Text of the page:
I had a fair few meetings this week on a range of topics, including learning and teaching, the Data Matters conference, consultancy, pipelines, and public affairs.
This story from The Register was not really surprising, Unis turn to webcam-watching AI to invigilate students taking exams. Of course, it struggles with people of color.
AI software designed to monitor students via webcam as they take their tests – to detect any attempts at cheating – sometimes fails to identify the students due to their skin color.
I am not surprised, in my work on the Intelligent Campus, when we did some research into facial recognition, there was quite a bit of coverage about how it only really worked with white males. Can we be surprised then when used for exam invigilation that it fails on the same issue?
In a similar story, UK passport photo checker shows bias against dark-skinned women.
Women with darker skin are more than twice as likely to be told their photos fail UK passport rules when they submit them online than lighter-skinned men, according to a BBC investigation. One black student said she was wrongly told her mouth looked open each time she uploaded five different photos to the government website.
There is a question here about removing the systemic bias we find in AI and algorthims being used in education (as well as the wider society). A deeper question is how does that bias get there in the first place?
Across the week we saw more universities report large covid-19 infections in their student populations.
Sheffield Hallam has seen over 370 cases of Covid since the beginning of term and the University of Sheffield has seen 589 cases. The local area has also seen a dramatic increase in the number of people testing positive.
Another 1,600 students have tested positive for coronavirus at Newcastle’s two universities. Newcastle University says 1,003 students and 12 members of staff have tested positive for Covid-19 in the past week. That’s up from the 94 students reported last Friday. There have also been 619 new cases among students at Northumbria University, compared with 770 last week. That means nearly 2,500 students and staff have tested positive since returning to studies.
More than 400 students and eight staff members at the University of Nottingham have tested positive for Covid-19. The university said the figures would be “higher than other universities” because it was running its own asymptomatic testing programme.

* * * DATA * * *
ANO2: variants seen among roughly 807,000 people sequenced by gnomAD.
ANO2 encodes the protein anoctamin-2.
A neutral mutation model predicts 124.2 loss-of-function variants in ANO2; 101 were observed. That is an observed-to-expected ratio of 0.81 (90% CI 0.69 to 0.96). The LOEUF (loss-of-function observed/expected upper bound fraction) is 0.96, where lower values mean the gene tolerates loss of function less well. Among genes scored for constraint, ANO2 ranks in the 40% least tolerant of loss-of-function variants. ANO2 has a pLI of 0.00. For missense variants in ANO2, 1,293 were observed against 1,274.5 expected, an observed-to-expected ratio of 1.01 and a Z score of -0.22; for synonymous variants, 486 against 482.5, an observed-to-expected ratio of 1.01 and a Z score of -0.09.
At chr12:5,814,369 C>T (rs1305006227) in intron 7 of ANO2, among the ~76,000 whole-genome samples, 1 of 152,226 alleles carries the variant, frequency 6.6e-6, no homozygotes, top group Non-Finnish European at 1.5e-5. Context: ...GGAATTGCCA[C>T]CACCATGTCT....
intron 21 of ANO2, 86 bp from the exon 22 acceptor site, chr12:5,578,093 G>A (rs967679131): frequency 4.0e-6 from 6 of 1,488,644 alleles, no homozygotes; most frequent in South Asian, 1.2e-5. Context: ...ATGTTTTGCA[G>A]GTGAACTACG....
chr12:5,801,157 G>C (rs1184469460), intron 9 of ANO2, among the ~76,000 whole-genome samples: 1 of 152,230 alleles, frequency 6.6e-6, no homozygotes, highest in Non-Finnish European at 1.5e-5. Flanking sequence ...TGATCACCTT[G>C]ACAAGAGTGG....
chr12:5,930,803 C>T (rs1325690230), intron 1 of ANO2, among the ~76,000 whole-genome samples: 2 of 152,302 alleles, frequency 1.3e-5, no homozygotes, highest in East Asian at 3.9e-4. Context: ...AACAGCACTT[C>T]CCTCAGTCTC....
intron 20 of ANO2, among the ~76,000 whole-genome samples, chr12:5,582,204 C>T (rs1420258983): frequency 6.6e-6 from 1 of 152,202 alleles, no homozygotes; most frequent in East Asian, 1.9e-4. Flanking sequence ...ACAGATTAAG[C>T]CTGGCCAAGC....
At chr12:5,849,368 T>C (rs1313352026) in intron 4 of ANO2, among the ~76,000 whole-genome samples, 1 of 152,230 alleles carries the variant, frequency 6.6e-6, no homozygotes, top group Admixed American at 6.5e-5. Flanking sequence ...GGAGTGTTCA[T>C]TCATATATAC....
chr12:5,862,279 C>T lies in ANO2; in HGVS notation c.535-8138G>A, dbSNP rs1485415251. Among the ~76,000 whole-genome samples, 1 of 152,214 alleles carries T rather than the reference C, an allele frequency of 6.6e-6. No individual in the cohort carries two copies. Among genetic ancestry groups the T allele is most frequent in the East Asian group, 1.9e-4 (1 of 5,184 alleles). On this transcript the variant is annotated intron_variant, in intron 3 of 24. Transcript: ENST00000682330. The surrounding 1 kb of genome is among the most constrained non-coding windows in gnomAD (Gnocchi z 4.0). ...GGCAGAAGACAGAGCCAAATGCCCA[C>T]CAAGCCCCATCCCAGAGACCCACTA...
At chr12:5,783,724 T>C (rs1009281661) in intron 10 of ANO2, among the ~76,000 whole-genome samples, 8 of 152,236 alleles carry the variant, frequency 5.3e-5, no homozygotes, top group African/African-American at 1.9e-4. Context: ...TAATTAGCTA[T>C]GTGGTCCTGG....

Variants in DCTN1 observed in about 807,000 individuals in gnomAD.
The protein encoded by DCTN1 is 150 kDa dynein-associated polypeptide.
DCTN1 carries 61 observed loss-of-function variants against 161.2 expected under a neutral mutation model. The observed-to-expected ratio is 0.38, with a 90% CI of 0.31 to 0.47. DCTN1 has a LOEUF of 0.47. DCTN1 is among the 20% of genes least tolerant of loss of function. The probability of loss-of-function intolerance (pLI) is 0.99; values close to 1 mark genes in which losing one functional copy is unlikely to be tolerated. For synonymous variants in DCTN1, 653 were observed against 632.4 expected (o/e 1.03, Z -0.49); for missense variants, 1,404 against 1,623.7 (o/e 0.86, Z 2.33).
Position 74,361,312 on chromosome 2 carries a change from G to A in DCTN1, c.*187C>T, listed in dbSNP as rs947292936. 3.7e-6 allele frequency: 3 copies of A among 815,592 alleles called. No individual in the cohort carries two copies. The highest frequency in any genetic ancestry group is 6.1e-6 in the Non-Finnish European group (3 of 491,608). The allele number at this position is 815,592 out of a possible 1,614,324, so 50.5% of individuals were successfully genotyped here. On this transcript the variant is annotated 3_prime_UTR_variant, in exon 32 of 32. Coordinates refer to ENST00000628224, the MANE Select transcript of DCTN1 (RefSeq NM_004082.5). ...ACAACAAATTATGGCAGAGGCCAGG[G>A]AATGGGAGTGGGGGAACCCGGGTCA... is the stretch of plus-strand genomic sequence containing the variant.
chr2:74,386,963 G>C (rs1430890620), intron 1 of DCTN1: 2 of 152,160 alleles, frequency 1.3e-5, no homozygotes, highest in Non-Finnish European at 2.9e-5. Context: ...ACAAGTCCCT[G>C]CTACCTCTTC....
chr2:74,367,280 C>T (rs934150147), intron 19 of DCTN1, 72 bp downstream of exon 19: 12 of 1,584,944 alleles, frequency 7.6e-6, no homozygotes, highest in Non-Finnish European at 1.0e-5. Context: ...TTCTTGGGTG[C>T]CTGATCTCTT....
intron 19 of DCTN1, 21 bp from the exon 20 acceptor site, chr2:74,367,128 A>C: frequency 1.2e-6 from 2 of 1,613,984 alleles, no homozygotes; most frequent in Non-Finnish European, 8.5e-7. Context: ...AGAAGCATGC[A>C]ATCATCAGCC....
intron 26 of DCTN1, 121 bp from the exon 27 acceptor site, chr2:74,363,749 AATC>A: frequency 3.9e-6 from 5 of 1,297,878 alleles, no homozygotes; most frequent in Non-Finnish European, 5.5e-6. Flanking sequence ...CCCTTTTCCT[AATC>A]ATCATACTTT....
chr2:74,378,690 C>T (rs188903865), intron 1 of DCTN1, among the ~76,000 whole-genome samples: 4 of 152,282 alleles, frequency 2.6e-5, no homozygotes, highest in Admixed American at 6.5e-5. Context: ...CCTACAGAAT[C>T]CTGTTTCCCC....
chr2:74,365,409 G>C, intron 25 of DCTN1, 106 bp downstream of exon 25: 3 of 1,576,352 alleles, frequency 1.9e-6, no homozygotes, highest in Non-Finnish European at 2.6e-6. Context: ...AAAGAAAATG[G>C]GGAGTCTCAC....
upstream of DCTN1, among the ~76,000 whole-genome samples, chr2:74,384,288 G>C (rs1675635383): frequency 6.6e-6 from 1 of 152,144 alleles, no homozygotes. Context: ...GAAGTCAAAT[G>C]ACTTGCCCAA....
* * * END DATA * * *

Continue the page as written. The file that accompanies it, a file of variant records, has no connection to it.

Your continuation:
Almost 400 students and staff at Queen’s University in Belfast, Northern Ireland, are self-isolating after more than 160 people tested positive for Covid-19. A university spokesperson said the safety and wellbeing of staff and students was the university’s first priority.
One result of this is a lot of universities are moving back to online teaching.
This week, the University of Sheffield and Sheffield Hallam University both said they will move more learning online. The University of Sheffield said all teaching will move online from Friday until 18 October. Sheffield Hallam said it will increase the proportion of online teaching, but keep some on-campus.
Both universities (Newcastle and Northumbria) said they had extensive plans in place to support students. Earlier today they said they would move most of their teaching online in response to the outbreaks.
The two main universities in Manchester are teaching online until “at least” the end of the month after a coronavirus outbreak among students. Manchester Metropolitan University (MMU) and the University of Manchester (UM) said it was a “collaborative decision” with public health bosses and “won’t impact” on teaching quality. It comes after 1,700 students were told to self-isolate at MMU on 26 September.
I took the plunge and ordered full fibre from BT and if it goes to plan I will be getting 900Mb/s down and 110Mb/s up from the new all fibre connection. This will be much faster than my current 32Mb/s FTTC connection and so much faster than the ADSL connection I had between 2012 and 2017 which rarely went above 1Mb/s.
My top tweet this week was this one.
On this day and at this time eleven years ago I was buying a coffee from the this wonderful Piaggio van outside the Handheld Learning 2009 Conference. It was great coffee and it was a great conference. #coffee https://t.co/bz1jjC8ZVX pic.twitter.com/cr7tAVXjbq
— James Clay (@jamesclay) October 6, 2020